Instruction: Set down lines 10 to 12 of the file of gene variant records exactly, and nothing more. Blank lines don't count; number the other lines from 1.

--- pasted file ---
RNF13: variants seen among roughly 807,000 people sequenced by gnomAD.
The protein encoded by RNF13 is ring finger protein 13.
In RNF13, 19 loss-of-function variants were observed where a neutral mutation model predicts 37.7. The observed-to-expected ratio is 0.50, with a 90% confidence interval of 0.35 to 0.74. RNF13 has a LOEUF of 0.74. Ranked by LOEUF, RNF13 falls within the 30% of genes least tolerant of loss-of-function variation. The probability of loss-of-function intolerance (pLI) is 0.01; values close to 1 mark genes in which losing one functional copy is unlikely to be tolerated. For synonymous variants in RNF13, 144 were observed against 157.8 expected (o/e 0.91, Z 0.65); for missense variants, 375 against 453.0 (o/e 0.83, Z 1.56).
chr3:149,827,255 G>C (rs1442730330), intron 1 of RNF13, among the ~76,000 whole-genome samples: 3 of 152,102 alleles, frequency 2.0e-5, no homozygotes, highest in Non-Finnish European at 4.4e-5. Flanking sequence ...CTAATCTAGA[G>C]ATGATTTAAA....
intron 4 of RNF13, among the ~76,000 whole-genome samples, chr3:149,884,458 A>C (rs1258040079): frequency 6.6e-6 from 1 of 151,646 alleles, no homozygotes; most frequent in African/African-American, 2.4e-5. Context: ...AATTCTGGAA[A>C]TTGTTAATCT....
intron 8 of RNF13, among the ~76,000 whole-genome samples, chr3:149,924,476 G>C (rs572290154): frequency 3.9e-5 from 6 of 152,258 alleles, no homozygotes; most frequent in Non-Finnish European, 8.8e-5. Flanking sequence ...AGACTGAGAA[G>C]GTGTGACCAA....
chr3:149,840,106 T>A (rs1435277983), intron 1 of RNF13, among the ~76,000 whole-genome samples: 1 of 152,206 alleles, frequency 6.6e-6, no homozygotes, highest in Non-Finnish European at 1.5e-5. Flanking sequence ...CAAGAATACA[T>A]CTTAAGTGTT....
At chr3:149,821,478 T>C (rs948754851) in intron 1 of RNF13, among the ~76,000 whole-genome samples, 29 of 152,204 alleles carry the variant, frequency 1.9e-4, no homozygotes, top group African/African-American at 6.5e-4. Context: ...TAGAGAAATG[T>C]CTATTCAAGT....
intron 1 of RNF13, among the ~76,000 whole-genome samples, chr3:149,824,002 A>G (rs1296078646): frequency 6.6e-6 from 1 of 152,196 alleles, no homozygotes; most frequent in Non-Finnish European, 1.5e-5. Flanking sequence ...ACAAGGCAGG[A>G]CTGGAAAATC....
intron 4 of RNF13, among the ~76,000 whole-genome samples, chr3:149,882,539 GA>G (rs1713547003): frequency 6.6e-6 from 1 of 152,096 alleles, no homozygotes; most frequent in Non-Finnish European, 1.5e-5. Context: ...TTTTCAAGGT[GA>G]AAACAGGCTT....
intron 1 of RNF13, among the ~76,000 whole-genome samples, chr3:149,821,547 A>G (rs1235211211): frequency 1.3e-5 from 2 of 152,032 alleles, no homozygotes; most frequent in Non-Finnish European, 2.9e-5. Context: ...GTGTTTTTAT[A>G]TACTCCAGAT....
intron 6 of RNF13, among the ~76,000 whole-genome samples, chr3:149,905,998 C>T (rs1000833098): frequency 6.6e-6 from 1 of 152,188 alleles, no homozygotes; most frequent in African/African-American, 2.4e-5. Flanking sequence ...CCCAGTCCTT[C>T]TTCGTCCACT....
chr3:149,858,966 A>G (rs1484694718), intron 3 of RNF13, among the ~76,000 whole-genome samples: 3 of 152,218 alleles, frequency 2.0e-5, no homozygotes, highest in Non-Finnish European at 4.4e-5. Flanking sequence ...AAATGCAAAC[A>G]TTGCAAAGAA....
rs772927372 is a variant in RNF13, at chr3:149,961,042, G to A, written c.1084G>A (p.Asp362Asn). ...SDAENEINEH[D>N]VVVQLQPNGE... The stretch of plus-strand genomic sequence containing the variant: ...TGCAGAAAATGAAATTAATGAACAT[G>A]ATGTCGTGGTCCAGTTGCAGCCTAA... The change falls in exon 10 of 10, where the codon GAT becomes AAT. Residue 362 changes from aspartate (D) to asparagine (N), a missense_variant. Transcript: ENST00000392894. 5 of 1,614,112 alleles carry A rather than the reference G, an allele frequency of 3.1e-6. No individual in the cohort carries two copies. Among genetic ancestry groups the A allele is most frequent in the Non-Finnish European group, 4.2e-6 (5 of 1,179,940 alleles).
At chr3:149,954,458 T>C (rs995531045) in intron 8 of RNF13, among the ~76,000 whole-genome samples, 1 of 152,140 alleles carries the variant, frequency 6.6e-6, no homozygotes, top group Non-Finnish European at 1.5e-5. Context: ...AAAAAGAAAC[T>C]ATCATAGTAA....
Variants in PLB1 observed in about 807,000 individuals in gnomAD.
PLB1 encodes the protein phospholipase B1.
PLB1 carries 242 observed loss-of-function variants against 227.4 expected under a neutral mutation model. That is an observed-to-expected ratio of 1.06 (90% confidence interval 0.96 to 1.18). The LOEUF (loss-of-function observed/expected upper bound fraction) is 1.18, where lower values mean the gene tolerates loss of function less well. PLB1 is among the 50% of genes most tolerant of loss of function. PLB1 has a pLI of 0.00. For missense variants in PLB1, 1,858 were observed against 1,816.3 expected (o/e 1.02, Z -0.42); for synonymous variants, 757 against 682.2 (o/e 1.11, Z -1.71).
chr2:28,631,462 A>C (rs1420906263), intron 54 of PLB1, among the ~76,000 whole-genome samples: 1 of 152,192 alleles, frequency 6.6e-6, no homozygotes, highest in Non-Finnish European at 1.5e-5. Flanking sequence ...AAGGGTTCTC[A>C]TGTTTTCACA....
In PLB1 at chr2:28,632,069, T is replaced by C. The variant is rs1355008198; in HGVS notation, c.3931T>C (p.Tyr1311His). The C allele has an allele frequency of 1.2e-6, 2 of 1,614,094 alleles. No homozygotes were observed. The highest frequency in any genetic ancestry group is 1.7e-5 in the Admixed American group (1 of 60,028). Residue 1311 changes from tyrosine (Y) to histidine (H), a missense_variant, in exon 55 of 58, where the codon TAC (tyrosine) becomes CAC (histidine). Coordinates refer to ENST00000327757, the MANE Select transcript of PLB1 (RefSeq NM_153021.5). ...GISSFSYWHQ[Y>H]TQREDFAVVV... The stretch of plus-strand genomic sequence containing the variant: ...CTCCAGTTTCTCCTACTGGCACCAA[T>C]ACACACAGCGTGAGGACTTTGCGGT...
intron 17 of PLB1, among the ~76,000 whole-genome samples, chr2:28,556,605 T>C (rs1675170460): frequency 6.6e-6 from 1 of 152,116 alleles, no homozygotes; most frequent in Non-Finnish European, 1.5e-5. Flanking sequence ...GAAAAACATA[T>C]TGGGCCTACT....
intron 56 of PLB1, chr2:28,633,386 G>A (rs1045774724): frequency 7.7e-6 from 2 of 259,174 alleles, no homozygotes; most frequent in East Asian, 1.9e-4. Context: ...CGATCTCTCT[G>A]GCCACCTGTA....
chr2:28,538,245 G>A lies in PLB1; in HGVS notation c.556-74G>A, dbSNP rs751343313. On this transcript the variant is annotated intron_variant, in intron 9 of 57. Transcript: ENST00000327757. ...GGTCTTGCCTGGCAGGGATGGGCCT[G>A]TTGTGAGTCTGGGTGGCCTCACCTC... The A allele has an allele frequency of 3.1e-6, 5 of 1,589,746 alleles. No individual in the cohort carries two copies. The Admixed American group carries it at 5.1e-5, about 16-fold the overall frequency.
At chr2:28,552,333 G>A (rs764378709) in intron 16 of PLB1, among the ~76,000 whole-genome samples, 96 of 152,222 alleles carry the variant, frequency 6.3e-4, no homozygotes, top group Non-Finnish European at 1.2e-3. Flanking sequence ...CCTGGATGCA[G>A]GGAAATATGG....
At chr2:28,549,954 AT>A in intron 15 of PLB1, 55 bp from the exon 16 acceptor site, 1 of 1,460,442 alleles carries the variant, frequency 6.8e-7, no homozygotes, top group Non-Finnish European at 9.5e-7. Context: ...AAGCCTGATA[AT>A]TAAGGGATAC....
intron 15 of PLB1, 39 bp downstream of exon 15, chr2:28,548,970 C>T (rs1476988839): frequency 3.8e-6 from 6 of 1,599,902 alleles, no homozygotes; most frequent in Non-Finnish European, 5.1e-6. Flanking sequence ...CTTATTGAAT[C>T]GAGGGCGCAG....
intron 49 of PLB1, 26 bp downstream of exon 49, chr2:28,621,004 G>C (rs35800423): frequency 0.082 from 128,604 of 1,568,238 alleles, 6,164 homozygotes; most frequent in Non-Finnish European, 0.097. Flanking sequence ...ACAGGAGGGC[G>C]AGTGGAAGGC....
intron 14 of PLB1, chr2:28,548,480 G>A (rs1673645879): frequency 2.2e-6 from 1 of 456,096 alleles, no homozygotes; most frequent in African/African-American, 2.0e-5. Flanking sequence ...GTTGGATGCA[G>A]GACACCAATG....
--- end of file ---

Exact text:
intron 4 of RNF13, among the ~76,000 whole-genome samples, chr3:149,882,539 GA>G (rs1713547003): frequency 6.6e-6 from 1 of 152,096 alleles, no homozygotes; most frequent in Non-Finnish European, 1.5e-5. Context: ...TTTTCAAGGT[GA>G]AAACAGGCTT....
intron 1 of RNF13, among the ~76,000 whole-genome samples, chr3:149,821,547 A>G (rs1235211211): frequency 1.3e-5 from 2 of 152,032 alleles, no homozygotes; most frequent in Non-Finnish European, 2.9e-5. Context: ...GTGTTTTTAT[A>G]TACTCCAGAT....
intron 6 of RNF13, among the ~76,000 whole-genome samples, chr3:149,905,998 C>T (rs1000833098): frequency 6.6e-6 from 1 of 152,188 alleles, no homozygotes; most frequent in African/African-American, 2.4e-5. Flanking sequence ...CCCAGTCCTT[C>T]TTCGTCCACT....